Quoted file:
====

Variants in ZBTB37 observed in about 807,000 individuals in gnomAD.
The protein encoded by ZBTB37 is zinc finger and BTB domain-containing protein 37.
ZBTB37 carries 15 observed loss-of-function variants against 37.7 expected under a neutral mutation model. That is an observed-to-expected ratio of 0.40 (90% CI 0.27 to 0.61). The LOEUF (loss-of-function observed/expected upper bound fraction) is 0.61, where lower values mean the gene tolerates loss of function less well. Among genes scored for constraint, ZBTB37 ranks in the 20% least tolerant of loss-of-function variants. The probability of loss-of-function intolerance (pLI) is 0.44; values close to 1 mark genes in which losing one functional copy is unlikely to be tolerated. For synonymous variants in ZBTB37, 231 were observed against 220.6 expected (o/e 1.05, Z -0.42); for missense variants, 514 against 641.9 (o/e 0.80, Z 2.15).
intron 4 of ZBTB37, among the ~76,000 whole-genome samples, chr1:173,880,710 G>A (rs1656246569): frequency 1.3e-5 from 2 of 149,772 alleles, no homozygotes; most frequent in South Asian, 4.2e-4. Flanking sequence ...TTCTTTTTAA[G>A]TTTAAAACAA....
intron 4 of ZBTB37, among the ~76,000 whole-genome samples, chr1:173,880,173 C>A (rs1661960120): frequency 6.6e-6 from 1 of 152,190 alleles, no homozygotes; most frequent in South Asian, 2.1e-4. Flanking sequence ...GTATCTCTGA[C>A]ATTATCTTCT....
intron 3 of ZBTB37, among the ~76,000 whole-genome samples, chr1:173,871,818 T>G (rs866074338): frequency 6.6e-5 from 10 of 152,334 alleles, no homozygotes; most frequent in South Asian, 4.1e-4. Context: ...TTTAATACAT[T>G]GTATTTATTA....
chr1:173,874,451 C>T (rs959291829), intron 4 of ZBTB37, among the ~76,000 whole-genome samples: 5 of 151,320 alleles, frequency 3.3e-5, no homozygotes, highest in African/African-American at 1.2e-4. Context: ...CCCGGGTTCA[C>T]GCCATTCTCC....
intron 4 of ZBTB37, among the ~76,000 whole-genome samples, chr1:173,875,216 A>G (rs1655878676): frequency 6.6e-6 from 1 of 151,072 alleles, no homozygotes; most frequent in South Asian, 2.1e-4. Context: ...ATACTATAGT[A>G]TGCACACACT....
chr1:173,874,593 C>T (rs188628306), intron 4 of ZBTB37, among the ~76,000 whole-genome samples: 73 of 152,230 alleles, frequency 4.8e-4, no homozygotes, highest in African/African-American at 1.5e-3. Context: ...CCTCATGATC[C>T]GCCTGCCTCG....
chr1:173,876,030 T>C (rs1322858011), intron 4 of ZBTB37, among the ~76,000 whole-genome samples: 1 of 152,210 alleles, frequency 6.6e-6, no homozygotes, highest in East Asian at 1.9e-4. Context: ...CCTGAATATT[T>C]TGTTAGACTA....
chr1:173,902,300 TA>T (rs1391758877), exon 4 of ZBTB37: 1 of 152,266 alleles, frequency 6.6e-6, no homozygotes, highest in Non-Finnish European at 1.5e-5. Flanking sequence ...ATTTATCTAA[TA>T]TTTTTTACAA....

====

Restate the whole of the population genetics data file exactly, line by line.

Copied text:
Variants in ZBTB37 observed in about 807,000 individuals in gnomAD.
The protein encoded by ZBTB37 is zinc finger and BTB domain-containing protein 37.
ZBTB37 carries 15 observed loss-of-function variants against 37.7 expected under a neutral mutation model. That is an observed-to-expected ratio of 0.40 (90% CI 0.27 to 0.61). The LOEUF (loss-of-function observed/expected upper bound fraction) is 0.61, where lower values mean the gene tolerates loss of function less well. Among genes scored for constraint, ZBTB37 ranks in the 20% least tolerant of loss-of-function variants. The probability of loss-of-function intolerance (pLI) is 0.44; values close to 1 mark genes in which losing one functional copy is unlikely to be tolerated. For synonymous variants in ZBTB37, 231 were observed against 220.6 expected (o/e 1.05, Z -0.42); for missense variants, 514 against 641.9 (o/e 0.80, Z 2.15).
intron 4 of ZBTB37, among the ~76,000 whole-genome samples, chr1:173,880,710 G>A (rs1656246569): frequency 1.3e-5 from 2 of 149,772 alleles, no homozygotes; most frequent in South Asian, 4.2e-4. Flanking sequence ...TTCTTTTTAA[G>A]TTTAAAACAA....
intron 4 of ZBTB37, among the ~76,000 whole-genome samples, chr1:173,880,173 C>A (rs1661960120): frequency 6.6e-6 from 1 of 152,190 alleles, no homozygotes; most frequent in South Asian, 2.1e-4. Flanking sequence ...GTATCTCTGA[C>A]ATTATCTTCT....
intron 3 of ZBTB37, among the ~76,000 whole-genome samples, chr1:173,871,818 T>G (rs866074338): frequency 6.6e-5 from 10 of 152,334 alleles, no homozygotes; most frequent in South Asian, 4.1e-4. Context: ...TTTAATACAT[T>G]GTATTTATTA....
chr1:173,874,451 C>T (rs959291829), intron 4 of ZBTB37, among the ~76,000 whole-genome samples: 5 of 151,320 alleles, frequency 3.3e-5, no homozygotes, highest in African/African-American at 1.2e-4. Context: ...CCCGGGTTCA[C>T]GCCATTCTCC....
intron 4 of ZBTB37, among the ~76,000 whole-genome samples, chr1:173,875,216 A>G (rs1655878676): frequency 6.6e-6 from 1 of 151,072 alleles, no homozygotes; most frequent in South Asian, 2.1e-4. Context: ...ATACTATAGT[A>G]TGCACACACT....
chr1:173,874,593 C>T (rs188628306), intron 4 of ZBTB37, among the ~76,000 whole-genome samples: 73 of 152,230 alleles, frequency 4.8e-4, no homozygotes, highest in African/African-American at 1.5e-3. Context: ...CCTCATGATC[C>T]GCCTGCCTCG....
chr1:173,876,030 T>C (rs1322858011), intron 4 of ZBTB37, among the ~76,000 whole-genome samples: 1 of 152,210 alleles, frequency 6.6e-6, no homozygotes, highest in East Asian at 1.9e-4. Context: ...CCTGAATATT[T>C]TGTTAGACTA....
chr1:173,902,300 TA>T (rs1391758877), exon 4 of ZBTB37: 1 of 152,266 alleles, frequency 6.6e-6, no homozygotes, highest in Non-Finnish European at 1.5e-5. Flanking sequence ...ATTTATCTAA[TA>T]TTTTTTACAA....